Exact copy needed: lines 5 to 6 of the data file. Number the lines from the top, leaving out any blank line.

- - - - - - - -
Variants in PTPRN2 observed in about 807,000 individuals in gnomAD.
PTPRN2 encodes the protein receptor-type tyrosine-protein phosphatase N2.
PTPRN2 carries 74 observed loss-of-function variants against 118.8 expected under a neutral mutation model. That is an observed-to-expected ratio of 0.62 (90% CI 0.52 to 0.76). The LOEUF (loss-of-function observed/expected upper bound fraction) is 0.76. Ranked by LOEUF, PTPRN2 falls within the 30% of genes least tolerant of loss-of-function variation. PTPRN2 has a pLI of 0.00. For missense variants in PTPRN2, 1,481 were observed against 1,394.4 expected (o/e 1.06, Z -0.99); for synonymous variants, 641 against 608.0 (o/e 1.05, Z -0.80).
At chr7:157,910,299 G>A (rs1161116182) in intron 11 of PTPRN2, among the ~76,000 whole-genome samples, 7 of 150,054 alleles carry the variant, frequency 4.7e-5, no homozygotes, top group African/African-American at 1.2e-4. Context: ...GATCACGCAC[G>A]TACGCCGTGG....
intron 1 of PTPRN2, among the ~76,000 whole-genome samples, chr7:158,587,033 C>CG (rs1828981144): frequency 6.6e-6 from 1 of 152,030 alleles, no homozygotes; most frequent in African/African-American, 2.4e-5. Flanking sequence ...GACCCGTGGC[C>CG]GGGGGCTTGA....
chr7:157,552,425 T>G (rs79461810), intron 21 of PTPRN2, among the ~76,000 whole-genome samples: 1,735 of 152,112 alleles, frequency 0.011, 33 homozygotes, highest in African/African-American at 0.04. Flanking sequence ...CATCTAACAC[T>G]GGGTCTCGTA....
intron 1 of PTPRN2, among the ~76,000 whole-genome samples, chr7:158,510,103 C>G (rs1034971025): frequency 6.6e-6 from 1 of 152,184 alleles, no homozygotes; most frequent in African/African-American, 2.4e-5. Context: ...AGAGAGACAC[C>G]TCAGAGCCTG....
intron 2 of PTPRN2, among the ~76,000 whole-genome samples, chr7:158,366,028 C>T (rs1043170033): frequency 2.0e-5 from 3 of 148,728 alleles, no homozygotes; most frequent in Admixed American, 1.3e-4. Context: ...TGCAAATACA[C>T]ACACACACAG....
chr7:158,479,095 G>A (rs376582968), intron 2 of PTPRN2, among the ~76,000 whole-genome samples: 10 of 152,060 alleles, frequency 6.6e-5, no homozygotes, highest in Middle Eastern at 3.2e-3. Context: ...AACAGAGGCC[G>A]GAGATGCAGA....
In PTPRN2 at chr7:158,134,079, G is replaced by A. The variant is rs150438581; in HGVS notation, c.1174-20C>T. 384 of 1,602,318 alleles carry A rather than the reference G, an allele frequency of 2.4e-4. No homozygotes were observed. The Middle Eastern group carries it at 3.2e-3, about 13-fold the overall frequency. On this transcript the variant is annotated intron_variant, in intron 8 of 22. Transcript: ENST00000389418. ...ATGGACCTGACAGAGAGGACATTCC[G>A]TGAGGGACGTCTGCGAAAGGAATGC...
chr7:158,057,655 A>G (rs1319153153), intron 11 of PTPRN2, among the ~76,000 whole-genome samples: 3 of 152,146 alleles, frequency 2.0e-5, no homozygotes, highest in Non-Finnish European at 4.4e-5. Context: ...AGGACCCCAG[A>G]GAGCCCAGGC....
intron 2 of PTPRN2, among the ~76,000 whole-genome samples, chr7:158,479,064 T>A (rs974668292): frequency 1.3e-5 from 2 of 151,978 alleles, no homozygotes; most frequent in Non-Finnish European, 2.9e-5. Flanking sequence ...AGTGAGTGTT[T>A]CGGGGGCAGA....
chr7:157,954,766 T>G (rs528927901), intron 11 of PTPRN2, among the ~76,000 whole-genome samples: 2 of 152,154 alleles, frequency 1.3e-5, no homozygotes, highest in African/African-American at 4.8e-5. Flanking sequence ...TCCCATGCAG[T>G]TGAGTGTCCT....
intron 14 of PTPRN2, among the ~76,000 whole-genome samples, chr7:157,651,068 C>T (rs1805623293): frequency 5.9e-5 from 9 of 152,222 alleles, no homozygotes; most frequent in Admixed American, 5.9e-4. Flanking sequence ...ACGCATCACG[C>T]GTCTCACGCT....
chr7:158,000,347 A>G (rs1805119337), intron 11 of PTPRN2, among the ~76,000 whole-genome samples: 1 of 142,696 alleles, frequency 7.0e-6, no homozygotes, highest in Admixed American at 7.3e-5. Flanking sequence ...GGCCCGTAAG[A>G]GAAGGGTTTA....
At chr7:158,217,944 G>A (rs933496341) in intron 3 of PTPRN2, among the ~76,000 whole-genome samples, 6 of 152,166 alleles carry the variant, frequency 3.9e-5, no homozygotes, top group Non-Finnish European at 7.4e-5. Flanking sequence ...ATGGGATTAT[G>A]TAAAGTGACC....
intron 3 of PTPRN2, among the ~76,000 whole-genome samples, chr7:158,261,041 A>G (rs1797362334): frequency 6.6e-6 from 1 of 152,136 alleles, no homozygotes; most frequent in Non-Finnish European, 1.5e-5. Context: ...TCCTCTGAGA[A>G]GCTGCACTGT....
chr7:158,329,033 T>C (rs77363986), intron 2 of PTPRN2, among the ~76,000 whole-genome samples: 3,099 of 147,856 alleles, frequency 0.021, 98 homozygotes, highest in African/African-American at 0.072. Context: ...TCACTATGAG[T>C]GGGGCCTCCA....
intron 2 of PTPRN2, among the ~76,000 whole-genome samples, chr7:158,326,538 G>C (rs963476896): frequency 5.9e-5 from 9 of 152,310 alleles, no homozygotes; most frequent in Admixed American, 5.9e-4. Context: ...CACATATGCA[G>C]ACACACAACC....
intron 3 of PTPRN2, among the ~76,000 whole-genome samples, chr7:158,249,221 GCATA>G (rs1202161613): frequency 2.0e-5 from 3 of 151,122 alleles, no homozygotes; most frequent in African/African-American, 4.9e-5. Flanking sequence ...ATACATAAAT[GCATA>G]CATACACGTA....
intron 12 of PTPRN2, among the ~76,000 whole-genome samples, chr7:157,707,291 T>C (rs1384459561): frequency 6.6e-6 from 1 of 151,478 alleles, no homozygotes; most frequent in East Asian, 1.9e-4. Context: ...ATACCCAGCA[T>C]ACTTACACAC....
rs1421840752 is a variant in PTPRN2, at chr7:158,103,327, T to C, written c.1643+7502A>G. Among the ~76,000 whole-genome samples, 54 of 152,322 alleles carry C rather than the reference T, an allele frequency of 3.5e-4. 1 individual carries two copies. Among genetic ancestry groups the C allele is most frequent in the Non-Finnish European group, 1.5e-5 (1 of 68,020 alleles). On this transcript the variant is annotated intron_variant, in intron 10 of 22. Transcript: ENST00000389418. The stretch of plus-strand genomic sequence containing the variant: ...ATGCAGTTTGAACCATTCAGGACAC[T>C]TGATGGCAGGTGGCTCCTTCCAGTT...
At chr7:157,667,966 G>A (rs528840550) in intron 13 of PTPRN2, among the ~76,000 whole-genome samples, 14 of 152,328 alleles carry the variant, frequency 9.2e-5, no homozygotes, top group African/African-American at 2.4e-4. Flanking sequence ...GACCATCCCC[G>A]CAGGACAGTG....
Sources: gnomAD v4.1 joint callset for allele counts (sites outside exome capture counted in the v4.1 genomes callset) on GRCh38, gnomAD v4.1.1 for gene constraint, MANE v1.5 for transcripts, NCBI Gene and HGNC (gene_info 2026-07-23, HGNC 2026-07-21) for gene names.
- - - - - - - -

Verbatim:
intron 1 of PTPRN2, among the ~76,000 whole-genome samples, chr7:158,587,033 C>CG (rs1828981144): frequency 6.6e-6 from 1 of 152,030 alleles, no homozygotes; most frequent in African/African-American, 2.4e-5. Flanking sequence ...GACCCGTGGC[C>CG]GGGGGCTTGA....
chr7:157,552,425 T>G (rs79461810), intron 21 of PTPRN2, among the ~76,000 whole-genome samples: 1,735 of 152,112 alleles, frequency 0.011, 33 homozygotes, highest in African/African-American at 0.04. Flanking sequence ...CATCTAACAC[T>G]GGGTCTCGTA....